Switchboard means an electrical panel that receives power from a generator, battery, or other electrical power source and distributes power directly or indirectly to all equipment supplied by the generating plant.
Third party examiner means an entity:
(1) With a thorough knowledge of diving operations, including diving limitations as related to diver safety and diver supervision;
(2) Having a familiarity with, but not limited to, the following—
(i) The camera used during the AHE; and
(ii) The NDT equipment used during the AHE, including the effect of water clarity, and marine growth in relation to the quality of the readings obtained;
(3) Having a familiarity with the communications equipment used during the AHE;
(4) Possessing the knowledge of vessel structures, design features, nomenclature, and the applicable AHE regulations; and
(5) Able to present the Officer in Charge, Marine Inspection, with evidence of formal training, demonstrated ability, past acceptance, or a combination of these.
Trunk means a vertical shaft or duct for the passage of pipes, wires, or other devices.
Underwater Survey in Lieu of Drydocking (UWILD) means a program in which an eligible vessel may alternate between an underwater survey and the required drydock examinations.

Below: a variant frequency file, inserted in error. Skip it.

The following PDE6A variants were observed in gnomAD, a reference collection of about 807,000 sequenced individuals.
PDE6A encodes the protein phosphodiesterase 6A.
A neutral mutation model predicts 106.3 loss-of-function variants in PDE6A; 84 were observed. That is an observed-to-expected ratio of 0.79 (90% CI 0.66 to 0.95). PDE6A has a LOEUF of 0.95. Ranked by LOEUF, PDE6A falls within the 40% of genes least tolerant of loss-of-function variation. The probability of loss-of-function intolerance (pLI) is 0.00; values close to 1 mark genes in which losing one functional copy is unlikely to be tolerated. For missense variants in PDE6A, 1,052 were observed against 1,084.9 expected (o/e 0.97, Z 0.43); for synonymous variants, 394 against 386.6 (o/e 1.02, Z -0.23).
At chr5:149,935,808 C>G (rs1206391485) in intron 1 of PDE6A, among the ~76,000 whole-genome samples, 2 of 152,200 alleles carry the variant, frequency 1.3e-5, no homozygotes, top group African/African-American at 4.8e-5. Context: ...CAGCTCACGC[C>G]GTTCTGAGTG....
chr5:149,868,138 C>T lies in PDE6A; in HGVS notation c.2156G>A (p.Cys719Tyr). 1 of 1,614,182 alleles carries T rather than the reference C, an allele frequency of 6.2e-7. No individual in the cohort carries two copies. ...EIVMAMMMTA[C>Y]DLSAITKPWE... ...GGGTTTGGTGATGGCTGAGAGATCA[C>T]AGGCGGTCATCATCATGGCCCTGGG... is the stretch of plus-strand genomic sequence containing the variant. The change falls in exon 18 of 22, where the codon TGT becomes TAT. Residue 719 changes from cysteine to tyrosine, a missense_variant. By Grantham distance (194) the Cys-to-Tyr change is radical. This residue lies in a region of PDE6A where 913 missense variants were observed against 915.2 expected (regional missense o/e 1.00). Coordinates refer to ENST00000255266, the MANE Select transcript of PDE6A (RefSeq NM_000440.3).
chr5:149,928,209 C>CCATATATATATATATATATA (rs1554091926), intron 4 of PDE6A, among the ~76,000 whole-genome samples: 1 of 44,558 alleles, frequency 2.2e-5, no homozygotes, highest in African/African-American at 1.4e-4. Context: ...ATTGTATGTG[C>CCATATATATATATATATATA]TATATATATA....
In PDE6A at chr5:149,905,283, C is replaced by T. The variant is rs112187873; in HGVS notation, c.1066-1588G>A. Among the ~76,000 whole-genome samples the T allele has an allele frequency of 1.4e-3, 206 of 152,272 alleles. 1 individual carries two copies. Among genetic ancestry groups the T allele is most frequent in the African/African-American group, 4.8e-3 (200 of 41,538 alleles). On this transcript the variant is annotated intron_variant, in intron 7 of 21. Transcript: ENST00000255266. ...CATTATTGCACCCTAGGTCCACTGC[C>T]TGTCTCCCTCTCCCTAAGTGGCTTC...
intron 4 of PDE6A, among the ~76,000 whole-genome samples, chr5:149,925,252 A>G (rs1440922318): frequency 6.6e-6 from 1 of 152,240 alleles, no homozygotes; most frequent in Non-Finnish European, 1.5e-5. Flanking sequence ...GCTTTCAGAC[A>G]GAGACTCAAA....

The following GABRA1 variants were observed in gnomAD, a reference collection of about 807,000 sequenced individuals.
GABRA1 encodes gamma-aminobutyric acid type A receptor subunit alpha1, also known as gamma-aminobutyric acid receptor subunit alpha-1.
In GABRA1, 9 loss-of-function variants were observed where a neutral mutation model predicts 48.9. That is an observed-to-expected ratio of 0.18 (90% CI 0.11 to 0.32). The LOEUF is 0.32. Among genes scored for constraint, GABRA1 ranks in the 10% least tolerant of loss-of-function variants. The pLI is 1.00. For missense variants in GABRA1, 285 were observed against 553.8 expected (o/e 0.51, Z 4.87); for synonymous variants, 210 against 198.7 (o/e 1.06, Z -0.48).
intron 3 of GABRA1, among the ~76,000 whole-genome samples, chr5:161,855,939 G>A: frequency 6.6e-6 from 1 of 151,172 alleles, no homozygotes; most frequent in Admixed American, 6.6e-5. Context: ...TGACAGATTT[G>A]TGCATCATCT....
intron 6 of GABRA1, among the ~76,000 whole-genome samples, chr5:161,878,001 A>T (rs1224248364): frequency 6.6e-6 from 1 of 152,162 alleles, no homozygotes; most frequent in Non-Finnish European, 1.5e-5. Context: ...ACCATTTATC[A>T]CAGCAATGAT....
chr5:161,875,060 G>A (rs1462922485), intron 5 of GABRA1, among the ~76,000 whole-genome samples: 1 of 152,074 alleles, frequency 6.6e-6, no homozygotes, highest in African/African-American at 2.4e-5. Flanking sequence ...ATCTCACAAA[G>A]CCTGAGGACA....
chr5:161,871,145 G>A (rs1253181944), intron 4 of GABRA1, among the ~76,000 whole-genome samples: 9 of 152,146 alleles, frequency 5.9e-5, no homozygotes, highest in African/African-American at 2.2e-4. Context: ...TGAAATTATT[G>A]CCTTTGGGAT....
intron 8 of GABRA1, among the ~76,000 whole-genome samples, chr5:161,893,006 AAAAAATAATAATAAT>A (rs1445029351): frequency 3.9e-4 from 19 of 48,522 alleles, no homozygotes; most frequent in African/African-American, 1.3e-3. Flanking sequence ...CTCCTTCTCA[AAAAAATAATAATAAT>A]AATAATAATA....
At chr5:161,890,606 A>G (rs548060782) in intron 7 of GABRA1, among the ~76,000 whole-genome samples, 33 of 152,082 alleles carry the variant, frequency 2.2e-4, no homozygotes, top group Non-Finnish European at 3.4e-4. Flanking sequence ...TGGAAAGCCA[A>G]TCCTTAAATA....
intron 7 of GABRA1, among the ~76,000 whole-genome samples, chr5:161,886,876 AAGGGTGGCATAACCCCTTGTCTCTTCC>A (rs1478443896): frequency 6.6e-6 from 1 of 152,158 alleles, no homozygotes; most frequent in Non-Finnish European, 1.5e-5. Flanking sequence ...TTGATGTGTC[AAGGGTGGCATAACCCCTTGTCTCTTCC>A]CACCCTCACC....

Vehicle space (11) means a space not on an open deck, for the carriage of motor vehicles with fuel in their tanks, into and from which such vehicles can be driven and to which passengers have access.
Veneer means a thin covering of combustible material on bulkheads, bulkhead panels, or furniture.
Vessel includes every description of watercraft or other artificial contrivance, used or capable of being used as a means of transportation on water.
Vessel of the United States means a vessel documented or numbered under the laws of the United States, the states of the United States, Guam, Puerto Rico, the Virgin Islands, American Samoa, the District of Columbia, the Northern Mariana Islands, and any other territory or possession of the United States.
Warm water means water where the monthly mean low water temperature is normally more than 15 degrees Celsius (59 degrees Fahrenheit).
Watertight means designed and constructed to withstand a static head of water without any leakage, except that “watertight” for the purposes of electrical equipment means enclosed so that water does not enter the equipment when a stream of water from a hose with a nozzle one inch in diameter that delivers at least 246 liters (65 gallons) per minute is sprayed on the enclosure from any direction from a distance of ten feet for five minutes.